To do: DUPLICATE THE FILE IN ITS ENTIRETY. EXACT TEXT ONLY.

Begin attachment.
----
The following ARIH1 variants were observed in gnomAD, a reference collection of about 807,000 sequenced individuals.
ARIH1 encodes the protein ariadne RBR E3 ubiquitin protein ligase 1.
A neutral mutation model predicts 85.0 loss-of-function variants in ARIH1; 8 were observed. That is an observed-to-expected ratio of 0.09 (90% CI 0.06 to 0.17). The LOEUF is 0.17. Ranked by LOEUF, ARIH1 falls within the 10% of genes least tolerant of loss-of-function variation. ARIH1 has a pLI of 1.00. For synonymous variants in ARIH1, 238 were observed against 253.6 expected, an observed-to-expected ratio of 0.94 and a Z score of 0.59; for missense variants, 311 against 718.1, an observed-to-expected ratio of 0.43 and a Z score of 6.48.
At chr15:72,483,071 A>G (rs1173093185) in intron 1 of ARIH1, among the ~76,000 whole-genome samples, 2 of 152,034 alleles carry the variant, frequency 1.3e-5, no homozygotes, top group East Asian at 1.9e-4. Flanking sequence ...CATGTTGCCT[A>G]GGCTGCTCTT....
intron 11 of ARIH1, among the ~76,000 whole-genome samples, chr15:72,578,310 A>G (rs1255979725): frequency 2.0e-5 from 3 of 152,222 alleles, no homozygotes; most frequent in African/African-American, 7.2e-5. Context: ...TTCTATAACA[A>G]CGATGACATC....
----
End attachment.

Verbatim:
The following ARIH1 variants were observed in gnomAD, a reference collection of about 807,000 sequenced individuals.
ARIH1 encodes the protein ariadne RBR E3 ubiquitin protein ligase 1.
A neutral mutation model predicts 85.0 loss-of-function variants in ARIH1; 8 were observed. That is an observed-to-expected ratio of 0.09 (90% CI 0.06 to 0.17). The LOEUF is 0.17. Ranked by LOEUF, ARIH1 falls within the 10% of genes least tolerant of loss-of-function variation. ARIH1 has a pLI of 1.00. For synonymous variants in ARIH1, 238 were observed against 253.6 expected, an observed-to-expected ratio of 0.94 and a Z score of 0.59; for missense variants, 311 against 718.1, an observed-to-expected ratio of 0.43 and a Z score of 6.48.
At chr15:72,483,071 A>G (rs1173093185) in intron 1 of ARIH1, among the ~76,000 whole-genome samples, 2 of 152,034 alleles carry the variant, frequency 1.3e-5, no homozygotes, top group East Asian at 1.9e-4. Flanking sequence ...CATGTTGCCT[A>G]GGCTGCTCTT....
intron 11 of ARIH1, among the ~76,000 whole-genome samples, chr15:72,578,310 A>G (rs1255979725): frequency 2.0e-5 from 3 of 152,222 alleles, no homozygotes; most frequent in African/African-American, 7.2e-5. Context: ...TTCTATAACA[A>G]CGATGACATC....